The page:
NEW YORK (CBSNewYork/AP) -- U.S. health officials on Thursday warned Americans not to travel to the three African countries hit by an outbreak of Ebola, the largest on record.
The travel advisory applies to non-essential travel to Guinea, Liberia and Sierra Leone. As CBS 2 reported, the outbreak in those West Africa countries has resulted in 1,300 cases and killed more than 700 people this year.
The Centers for Disease Control and Prevention say the risk of the deadly disease coming to the United States remains small. The last time the federal agency issued such a travel warning was in 2003 because of a SARS outbreak in Asia.
AmeriCares Seeks Help Sending Supplies To West African Health Workers
Ebola is spread through direct contact with bodily fluids and can't be contracted by simply being in the same room with an infected person, CBS 2 reported.
At the White House, press secretary Josh Earnest said the U.S. is looking into Medevac options to bring two American aid workers diagnosed with Ebola, Dr. Kent Bradley and Nancy Writebol, back to the U.S. While the U.S. government would facilitate the response, private companies would be used.
Earnest said that type of response would be consistent with how the U.S. handled other situations, including outbreaks of SARS and drug-resistant tuberculosis, and the goal would be to ensure Americans can benefit from modern medical treatment available in the U.S.
Writebol's husband, David Writebol, said by phone her condition is improving, CBS 2's Jessica Schneider reported.
"She's sitting up and she's talking with us and she's able to move about," he said.
Although the CDC has concluded it's unlikely Ebola would spread if detected in the U.S, Earnest said the CDC is alerting health care workers in the U.S. and reminding them how to isolate and deal with cases of Ebola.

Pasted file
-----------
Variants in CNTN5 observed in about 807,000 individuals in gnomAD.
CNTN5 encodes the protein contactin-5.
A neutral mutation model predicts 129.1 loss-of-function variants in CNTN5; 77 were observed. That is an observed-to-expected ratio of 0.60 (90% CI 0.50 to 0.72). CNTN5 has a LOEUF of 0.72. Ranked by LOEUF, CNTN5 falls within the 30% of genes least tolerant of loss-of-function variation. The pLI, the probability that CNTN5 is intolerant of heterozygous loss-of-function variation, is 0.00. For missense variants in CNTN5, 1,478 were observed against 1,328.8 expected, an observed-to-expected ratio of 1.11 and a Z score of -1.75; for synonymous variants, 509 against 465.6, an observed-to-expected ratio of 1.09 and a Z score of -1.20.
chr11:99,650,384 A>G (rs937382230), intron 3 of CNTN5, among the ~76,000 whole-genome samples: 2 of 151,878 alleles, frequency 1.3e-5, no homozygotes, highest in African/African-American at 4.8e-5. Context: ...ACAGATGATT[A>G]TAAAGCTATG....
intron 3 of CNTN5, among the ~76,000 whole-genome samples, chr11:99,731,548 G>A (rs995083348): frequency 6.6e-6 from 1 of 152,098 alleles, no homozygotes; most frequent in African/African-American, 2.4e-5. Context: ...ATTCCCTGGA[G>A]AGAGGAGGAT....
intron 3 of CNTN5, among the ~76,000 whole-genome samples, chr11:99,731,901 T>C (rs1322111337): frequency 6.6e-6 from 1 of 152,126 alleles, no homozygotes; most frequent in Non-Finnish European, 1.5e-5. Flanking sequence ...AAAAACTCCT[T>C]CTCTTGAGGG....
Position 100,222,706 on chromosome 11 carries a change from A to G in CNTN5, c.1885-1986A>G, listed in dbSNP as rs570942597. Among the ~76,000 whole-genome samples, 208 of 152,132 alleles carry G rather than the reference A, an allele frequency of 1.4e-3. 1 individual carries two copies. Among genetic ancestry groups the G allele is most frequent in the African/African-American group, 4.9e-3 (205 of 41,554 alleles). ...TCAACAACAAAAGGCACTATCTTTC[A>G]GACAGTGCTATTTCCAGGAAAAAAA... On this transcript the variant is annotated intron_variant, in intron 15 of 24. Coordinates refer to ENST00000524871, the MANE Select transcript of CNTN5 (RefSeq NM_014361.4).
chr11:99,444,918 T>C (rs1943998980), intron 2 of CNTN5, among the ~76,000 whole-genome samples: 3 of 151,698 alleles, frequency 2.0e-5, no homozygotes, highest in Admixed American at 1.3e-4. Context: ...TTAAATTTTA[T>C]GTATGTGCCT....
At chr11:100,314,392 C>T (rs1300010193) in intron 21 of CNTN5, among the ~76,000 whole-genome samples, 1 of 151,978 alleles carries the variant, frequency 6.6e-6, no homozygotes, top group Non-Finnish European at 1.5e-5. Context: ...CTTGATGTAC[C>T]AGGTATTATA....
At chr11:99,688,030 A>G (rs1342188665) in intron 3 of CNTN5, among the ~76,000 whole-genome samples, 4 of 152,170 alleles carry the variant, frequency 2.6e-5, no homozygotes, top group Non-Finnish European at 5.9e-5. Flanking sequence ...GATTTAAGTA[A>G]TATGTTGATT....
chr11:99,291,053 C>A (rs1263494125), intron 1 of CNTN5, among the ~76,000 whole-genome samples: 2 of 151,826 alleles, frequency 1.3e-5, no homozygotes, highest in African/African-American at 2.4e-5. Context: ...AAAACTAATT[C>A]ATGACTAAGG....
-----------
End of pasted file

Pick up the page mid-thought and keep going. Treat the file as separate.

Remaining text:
Travelers at Newark Liberty Airport area are being monitored for signs of the virus, Schneider reported.
As CBS 2's Dr. Max Gomez reported, some health experts say Ebola would not be as deadly in the U.S. because of better supportive care and especially because of better isolation techniques that would limit the spread of the virus.
"The particular strain of Ebola that is going through Africa right now has been reported to be killing about 60 percent of the people that are infected," Ithaca College Biology Professor David Gondek said.
The CDC has about two dozen staffers in West Africa to help try to control the outbreak. Officials announced Thursday they will send 50 more in the next month.
Meanwhile, Stamford-based AmeriCares is seeking help to continue providing emergency medical aid to West Africa.
Garrett Ingoglia, vice president of emergency response, said AmeriCares is sending thousands of surgical gloves, masks, caps and other protective gear to hospitals and clinics.
"There is virtually an endless demand for this kind of supply," Ingoglia told WCBS 880's Fran Schneidau. "The healthcare workers will wear the gloves and the gowns but they have to constantly change these supplies out and dispose of them."
Ingoglia said there is also a critical shortage of IV fluids, which are often effective in stemming the onset of the virus in its earliest stages.
The organization has not sent any of its own workers to West Africa, but Ingoglia said workers on the ground are natives who desperately need a constant refreshment of protective supplies.
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